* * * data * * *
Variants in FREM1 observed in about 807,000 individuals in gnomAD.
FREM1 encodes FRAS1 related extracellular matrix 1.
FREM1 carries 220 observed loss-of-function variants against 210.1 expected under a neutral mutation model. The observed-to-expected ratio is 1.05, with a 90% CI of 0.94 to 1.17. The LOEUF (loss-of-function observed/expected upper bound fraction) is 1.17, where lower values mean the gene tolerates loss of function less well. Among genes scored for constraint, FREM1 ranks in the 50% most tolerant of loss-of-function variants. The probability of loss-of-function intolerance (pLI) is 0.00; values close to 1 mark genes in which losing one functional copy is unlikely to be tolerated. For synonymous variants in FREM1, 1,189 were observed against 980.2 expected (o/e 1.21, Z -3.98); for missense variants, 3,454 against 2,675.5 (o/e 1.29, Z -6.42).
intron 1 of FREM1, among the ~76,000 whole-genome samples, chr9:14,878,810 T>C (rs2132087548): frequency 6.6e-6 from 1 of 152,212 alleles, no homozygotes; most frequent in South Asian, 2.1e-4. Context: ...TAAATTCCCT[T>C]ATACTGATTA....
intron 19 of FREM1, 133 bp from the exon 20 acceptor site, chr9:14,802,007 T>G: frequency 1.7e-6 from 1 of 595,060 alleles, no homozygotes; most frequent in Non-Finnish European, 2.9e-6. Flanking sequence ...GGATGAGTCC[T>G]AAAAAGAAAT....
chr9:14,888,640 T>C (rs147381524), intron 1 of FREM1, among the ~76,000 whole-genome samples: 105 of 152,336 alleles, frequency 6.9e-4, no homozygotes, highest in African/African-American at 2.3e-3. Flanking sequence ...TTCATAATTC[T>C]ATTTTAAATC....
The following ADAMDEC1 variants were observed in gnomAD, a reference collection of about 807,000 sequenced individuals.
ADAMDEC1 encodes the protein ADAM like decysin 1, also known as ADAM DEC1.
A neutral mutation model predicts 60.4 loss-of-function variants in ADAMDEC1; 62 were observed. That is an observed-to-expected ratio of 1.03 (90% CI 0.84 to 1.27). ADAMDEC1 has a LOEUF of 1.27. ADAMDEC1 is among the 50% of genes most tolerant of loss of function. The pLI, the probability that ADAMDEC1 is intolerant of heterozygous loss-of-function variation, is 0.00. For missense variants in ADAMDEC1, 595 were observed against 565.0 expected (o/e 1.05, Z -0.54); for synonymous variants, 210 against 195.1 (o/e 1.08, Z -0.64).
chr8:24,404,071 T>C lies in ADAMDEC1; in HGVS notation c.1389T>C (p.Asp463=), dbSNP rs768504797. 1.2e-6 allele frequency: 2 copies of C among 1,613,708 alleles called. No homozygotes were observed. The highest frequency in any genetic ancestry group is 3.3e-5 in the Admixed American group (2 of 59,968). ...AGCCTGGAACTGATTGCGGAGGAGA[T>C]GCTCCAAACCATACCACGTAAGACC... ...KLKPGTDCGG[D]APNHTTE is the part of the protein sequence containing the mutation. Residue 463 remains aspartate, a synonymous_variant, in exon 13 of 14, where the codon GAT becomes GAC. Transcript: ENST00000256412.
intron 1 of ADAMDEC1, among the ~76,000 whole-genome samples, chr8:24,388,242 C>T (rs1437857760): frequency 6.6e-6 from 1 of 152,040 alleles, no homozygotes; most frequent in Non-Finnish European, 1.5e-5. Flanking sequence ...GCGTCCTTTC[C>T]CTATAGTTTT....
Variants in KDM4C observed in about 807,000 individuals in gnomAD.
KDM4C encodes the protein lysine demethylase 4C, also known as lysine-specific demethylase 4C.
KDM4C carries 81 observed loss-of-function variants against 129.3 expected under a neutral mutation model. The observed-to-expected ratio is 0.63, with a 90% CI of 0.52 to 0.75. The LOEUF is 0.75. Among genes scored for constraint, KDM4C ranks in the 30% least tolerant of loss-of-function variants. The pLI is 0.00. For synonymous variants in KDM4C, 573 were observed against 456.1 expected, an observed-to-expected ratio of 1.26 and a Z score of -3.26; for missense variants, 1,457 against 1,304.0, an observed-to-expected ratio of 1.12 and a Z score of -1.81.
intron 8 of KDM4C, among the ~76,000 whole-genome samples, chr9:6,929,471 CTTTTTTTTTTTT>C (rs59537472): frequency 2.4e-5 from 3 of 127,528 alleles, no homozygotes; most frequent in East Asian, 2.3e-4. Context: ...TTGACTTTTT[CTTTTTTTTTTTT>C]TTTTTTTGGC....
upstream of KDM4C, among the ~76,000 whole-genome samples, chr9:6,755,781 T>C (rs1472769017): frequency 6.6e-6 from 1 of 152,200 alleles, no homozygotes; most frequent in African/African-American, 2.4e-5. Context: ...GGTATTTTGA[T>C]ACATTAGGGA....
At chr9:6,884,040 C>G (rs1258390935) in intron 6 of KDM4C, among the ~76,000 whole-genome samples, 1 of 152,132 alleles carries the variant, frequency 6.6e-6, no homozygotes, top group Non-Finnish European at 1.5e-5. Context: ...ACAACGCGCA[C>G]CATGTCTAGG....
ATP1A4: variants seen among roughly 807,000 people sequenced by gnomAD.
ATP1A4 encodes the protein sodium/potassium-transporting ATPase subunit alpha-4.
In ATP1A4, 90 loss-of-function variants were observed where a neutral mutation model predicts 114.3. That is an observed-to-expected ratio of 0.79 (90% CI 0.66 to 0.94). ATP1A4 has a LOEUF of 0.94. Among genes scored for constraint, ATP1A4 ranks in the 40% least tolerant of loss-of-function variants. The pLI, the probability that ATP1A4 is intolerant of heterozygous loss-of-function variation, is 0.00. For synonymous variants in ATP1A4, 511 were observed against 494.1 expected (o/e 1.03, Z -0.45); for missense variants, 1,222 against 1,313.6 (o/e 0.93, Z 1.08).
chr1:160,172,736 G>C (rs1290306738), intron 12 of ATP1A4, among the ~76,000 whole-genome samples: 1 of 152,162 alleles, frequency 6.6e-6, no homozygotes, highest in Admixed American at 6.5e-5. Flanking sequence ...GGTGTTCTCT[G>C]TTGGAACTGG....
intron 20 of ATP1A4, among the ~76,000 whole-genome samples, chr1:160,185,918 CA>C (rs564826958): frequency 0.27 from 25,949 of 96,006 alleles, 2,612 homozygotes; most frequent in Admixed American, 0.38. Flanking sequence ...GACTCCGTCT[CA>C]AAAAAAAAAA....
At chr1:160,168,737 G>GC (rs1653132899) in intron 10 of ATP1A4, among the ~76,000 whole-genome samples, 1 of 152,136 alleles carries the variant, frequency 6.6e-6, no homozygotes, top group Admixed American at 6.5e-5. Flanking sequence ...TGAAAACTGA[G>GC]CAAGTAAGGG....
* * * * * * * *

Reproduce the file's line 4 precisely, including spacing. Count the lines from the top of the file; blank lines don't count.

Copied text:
intron 1 of FREM1, among the ~76,000 whole-genome samples, chr9:14,878,810 T>C (rs2132087548): frequency 6.6e-6 from 1 of 152,212 alleles, no homozygotes; most frequent in South Asian, 2.1e-4. Context: ...TAAATTCCCT[T>C]ATACTGATTA....